Q. What new challenges are being faced in facilities management (FM), and specifically within higher education?
Facilities managers across the board are being faced with ever more demanding and tech-savvy consumers, whether in workplaces or universities. In higher education in particular, facilities managers must cater to a wide demographic of stakeholders, from older faculty members down to digital-native undergraduates who expect to do everything through their phones.
Q. Are there general rules for good, effective FM – and pitfalls to avoid?
Nowadays, with a tech-minded student body, it’s important that universities keep pace with wider industry trends. In part, that means offering digital services, equivalent to those expected from institutions and businesses outside academia. In terms of pitfalls, it is critical that academic institutions choose the innovations that will benefit them, rather than investing in the latest flash-in-the-pan technology. They should choose those new services that will strategically help to bring in new revenue, while also improving the student experience.
Q. Is technology making FM easier and/or better?
Technology has long had a place in schools and universities, enhancing student experiences and bringing new opportunities. However, it’s not just classrooms and lecture halls where change is happening. More and more universities are introducing digital platforms to their food catering in order to streamline processes for both students and venue operators.Hull and Strathclyde Universities have both recently introduced pre-ordering apps on campus. These platforms allow students to order and pay on the spot from their mobile phones, whether they’re looking for food while relaxing in the union or grabbing a drink while rushing between lectures.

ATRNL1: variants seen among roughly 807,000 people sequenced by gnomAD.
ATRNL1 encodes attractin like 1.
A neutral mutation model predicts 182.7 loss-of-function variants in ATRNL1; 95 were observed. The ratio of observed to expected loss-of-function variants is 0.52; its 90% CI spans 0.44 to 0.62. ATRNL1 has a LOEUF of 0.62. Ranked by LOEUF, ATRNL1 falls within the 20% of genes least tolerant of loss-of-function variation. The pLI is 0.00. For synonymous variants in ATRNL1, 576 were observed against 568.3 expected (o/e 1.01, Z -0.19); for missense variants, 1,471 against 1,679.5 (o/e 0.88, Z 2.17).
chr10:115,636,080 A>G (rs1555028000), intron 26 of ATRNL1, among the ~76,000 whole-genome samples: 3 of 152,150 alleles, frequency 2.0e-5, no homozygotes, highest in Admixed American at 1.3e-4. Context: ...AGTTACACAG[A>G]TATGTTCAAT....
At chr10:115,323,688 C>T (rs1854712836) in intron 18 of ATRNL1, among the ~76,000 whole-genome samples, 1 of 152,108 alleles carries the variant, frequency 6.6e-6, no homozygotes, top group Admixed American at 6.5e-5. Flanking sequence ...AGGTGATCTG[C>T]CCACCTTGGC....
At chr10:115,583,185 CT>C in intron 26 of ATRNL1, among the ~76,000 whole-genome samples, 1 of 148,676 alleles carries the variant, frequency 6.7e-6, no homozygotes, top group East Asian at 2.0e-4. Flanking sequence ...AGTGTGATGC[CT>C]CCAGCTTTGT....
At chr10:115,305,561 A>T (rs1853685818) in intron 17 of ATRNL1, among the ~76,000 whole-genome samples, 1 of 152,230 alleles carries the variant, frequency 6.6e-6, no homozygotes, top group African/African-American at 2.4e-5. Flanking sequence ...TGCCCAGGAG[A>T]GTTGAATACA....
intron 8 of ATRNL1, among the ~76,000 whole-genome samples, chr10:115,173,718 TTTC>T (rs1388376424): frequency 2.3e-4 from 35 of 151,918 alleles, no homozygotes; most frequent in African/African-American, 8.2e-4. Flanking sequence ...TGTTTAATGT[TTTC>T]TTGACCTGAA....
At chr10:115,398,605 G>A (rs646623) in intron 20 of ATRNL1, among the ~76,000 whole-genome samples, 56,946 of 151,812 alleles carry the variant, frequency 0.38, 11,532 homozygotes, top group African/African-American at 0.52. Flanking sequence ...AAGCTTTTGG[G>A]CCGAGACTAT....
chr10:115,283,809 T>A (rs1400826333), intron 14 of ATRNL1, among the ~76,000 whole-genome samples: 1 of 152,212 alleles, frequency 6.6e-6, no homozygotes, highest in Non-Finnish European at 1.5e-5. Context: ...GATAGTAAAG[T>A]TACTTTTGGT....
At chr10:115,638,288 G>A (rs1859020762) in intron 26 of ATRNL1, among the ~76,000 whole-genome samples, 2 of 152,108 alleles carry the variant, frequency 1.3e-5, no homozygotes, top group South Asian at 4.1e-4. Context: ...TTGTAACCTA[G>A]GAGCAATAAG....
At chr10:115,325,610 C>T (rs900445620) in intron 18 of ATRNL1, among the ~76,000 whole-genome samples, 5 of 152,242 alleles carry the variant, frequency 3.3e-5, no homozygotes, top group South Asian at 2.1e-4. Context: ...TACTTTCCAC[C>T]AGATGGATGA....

It’s not as catchy as: ‘When is a door not a door?’ (answer, when it’s a jar) but it speaks to the idea that in-car collection, and the technologies that support it, are flexible enough to bend to the needs of a business and its guests.
Delivery can be daunting to the uninitiated, and it might be tempting to sign up with a third-party ordering aggregator that offers the service, such as UberEats, but other options could suit your business and brand better. Here we present three different ‘levels’ of delivery, starting with the most basic – and cheapest method: doing it yourself.